Geometric Primitive Usage
When designing code to map graphical information to HOOPS Visualize primitives, first review the available primitive types and select the appropriate ones to represent your data:
These include NURBS surface, NURBS curve, circles/ellipses (and their variants), cylinder, polycylinder, and spheres. Using these primitives in lieu of explicit tessellated primitives whenever possible will result in performance improvements and memory reduction.
These include primitives such as shells, meshes, and polylines. The key guideline to follow is to use a shell primitive for each higher level 3D object in the scene, such as a solid modeller body. This minimizes duplicate vertices (which in turn eliminates ‘cracking’ in models if the HOOPS/Stream toolkit is used to compress the data), enables tri-stripping across boundaries and also allows HOOPS Visualize to automatically generate more useful Level-of-Detail representations.
A shell consists of a vertex list and a face list, where the face list is a list of indices into the vertex list. For any face in the face list, the vertices can be listed either in clockwise or in counter-clockwise order, as viewed from the front of the face.
The orientation in which you choose to enter the faces is not important; however, the faces in a single shell should all have the same orientation. One reason for this requirement is performance - HOOPS can create much longer tri-strips if all faces in a shell have the same orientation.
A second reason that all faces should have the same orientation is so that the object has a consistent handedness. This will enable you to set a polygon handedness, and also use backplane culling to throw away back-facing faces using the “face culling” heuristic (refer to the next section, along with the
Set_Heuristics command for more information).
If the faces in a shell do not all have the same orientation, HOOPS Visualize will issue a warning. Note that some applications that produce tri-strips generate the tri-strips with alternate faces oriented in opposite directions - and that is the absolutely worst case with respect to maximizing tri-strip length.
Compute_Optimized_Shell routines supports an option called “fix handedness”, which converts all faces to the handedness that represents the pre-fix majority. There is also a program called fixshell.c in the demo/common/standard directory of the HOOPS Visualize distribution that shows how to reorient the faces of a shell.
Polygon Handedness and Backplane Culling
Polygon handedness refers to the orientation of the faces in a shell defining which side is ‘front’ and which is ‘back’. For example, wrap your right hand in the direction of the point ordering for a face in the shell (all faces should be ordered in the same way). The direction of your thumb denotes the ‘front’ side of the face (thus the ‘front’ denotes the ‘outside’ of a shell if it’s a closed object). If your thumb is currently pointing in the correct direction for your object, then it has ‘right handed’ polygons. If it’s pointing in the wrong direction (inward!), then your object has ‘left handed’ polygons.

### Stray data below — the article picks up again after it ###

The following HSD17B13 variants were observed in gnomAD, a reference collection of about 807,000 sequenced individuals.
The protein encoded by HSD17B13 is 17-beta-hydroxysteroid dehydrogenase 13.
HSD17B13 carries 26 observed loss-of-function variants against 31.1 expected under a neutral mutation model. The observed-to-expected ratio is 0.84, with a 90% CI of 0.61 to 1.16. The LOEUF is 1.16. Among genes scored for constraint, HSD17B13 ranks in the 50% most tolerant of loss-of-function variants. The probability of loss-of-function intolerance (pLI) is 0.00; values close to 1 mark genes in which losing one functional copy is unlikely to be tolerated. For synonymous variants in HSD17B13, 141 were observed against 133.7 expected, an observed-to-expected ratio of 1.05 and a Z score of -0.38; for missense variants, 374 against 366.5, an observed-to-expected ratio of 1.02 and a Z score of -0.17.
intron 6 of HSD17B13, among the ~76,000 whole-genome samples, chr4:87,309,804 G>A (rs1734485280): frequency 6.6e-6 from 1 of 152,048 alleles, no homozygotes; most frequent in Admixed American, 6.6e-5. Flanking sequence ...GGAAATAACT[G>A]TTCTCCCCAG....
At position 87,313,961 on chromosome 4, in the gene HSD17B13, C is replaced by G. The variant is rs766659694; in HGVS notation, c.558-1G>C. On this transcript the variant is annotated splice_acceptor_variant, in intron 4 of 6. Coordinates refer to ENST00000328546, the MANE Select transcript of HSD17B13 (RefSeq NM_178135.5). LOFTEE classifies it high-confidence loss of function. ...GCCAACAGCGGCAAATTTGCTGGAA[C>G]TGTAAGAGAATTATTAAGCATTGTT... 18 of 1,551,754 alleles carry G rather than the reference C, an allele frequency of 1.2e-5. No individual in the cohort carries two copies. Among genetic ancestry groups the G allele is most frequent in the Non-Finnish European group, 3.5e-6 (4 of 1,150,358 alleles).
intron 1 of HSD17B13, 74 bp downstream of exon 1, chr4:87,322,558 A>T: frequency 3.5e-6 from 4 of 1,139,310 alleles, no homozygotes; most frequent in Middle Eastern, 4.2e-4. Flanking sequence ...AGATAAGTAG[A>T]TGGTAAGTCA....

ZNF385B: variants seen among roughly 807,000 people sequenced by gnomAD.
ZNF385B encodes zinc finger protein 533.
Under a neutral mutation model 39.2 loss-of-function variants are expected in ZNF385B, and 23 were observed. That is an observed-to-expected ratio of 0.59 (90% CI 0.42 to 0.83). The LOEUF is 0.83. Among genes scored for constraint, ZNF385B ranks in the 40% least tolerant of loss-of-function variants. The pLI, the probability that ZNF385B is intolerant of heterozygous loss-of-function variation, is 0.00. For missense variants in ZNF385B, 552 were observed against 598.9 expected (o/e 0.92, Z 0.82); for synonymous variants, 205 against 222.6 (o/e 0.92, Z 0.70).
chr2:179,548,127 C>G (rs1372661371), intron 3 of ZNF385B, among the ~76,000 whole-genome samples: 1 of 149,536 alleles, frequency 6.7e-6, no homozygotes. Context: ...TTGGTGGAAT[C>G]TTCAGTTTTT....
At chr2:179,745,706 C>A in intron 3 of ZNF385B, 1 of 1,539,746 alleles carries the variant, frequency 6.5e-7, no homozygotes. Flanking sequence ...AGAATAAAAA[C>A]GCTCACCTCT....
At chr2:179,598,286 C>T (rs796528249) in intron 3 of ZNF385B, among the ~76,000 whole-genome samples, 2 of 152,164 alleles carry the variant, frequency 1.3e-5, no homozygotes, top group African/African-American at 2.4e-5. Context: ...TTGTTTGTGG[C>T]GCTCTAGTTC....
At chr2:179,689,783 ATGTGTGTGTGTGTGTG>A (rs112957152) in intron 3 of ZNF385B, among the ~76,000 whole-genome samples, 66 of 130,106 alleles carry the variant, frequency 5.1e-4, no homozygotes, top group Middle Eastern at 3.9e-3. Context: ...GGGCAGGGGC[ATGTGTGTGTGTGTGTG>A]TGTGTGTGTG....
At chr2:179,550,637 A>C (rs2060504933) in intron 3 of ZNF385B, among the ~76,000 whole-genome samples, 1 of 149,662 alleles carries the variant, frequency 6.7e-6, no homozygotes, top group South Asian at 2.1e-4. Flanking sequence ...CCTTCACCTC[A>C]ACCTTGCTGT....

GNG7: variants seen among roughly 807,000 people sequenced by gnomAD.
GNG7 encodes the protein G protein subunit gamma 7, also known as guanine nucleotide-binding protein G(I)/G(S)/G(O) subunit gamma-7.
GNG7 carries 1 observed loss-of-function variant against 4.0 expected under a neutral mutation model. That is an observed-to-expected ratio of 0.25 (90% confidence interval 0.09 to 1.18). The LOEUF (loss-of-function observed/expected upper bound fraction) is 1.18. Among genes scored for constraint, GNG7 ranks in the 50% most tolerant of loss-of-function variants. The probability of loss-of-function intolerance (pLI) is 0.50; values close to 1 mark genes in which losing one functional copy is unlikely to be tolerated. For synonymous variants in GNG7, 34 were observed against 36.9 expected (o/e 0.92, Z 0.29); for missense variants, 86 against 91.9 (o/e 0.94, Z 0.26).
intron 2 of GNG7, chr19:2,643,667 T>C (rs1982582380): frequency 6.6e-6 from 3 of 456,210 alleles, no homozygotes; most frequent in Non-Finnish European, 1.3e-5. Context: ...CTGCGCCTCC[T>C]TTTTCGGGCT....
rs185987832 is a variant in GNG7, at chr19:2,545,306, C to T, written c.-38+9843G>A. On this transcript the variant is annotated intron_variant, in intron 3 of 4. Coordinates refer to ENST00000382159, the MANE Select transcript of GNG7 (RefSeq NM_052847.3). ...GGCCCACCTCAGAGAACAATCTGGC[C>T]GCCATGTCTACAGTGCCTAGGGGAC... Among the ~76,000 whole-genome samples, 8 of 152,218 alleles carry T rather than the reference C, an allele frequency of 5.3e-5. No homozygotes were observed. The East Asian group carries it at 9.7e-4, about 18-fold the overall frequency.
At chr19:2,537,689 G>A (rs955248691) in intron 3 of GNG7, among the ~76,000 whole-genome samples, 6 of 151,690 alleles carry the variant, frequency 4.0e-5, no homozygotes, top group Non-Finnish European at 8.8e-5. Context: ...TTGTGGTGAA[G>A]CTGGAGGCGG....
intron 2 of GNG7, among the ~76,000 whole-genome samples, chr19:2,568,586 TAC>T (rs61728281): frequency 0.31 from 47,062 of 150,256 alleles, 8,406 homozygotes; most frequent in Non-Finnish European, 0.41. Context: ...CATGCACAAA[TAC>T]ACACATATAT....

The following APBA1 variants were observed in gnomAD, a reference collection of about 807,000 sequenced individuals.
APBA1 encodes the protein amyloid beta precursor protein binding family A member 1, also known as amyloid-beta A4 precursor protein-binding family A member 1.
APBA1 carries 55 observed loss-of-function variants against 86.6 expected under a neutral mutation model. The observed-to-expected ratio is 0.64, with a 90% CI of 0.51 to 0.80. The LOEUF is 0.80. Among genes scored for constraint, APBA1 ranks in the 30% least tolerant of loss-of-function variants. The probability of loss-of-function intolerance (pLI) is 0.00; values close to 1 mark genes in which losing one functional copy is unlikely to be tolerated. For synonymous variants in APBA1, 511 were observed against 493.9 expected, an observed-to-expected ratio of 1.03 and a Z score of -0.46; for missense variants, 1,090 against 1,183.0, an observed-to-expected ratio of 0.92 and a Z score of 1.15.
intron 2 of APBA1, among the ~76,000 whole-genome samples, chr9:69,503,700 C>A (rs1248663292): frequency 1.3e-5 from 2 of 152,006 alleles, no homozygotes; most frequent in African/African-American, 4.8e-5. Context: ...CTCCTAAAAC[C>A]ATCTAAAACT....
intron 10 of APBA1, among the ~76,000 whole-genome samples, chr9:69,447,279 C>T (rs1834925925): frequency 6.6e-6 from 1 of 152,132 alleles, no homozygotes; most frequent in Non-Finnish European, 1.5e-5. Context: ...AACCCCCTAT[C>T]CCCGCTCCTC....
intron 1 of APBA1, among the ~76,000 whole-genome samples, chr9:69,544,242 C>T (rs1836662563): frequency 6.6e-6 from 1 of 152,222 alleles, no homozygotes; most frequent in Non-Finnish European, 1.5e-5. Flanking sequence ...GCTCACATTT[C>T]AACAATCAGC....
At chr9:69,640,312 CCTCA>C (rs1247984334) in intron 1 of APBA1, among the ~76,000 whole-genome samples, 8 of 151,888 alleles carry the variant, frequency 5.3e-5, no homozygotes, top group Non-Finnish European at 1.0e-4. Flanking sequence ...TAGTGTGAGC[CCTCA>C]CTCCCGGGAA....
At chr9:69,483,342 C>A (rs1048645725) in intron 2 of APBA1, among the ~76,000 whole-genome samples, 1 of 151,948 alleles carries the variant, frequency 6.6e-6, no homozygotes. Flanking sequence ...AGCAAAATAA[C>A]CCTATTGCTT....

It is set via the “polygon handedness” option in
Set_Heuristics. If you are using the OpenGL driver, you should always set a polygon handedness on your models because it improves general rendering performance and is the prerequisite for the use of “display lists” which are an option in
Set_Rendering_Options. Display lists can provide significant performance with most graphics cards. Their usage is discussed in detail on this page.
Polygon handedness is a property of the model. It’s possible that shells may have different values (some may be ‘left’, some may be ‘right’). If you know that all your shells have the same handedness, then you should place the polygon handedness setting at the top of your model hierarchy. To use polygon handedness to maximize effect in optimizing rendering performance, set the following properties:
Define your shells with a consistent handedness.
Set a polygon handedness.
If an object has a polygon handedness and is closed (watertight, like a sphere), then you can additionally set the “face culling = back” option in
Set_Heuristics. This tells the system to cull away faces whose normal points away from the camera view vector (the backside faces; think of the dark side of the moon). This improves performance.
Turn on “display lists”.
Backplane culling is set via the “face culling” option in
Set_Heuristics. It could also be considered a property of the model, and the following steps would be a good approach for setting this attribute:
For objects that may not be ‘closed’, such a flat plate, you probably don’t want to enable backplane culling. Otherwise, their faces would disappear as you orbited to their ‘back’ side. You should specifically set ‘no face culling’ for these objects in the model hierarchy.
Have a mechanism to toggle backplane culling in your top level ‘view’ segment with the default setting as ‘on’.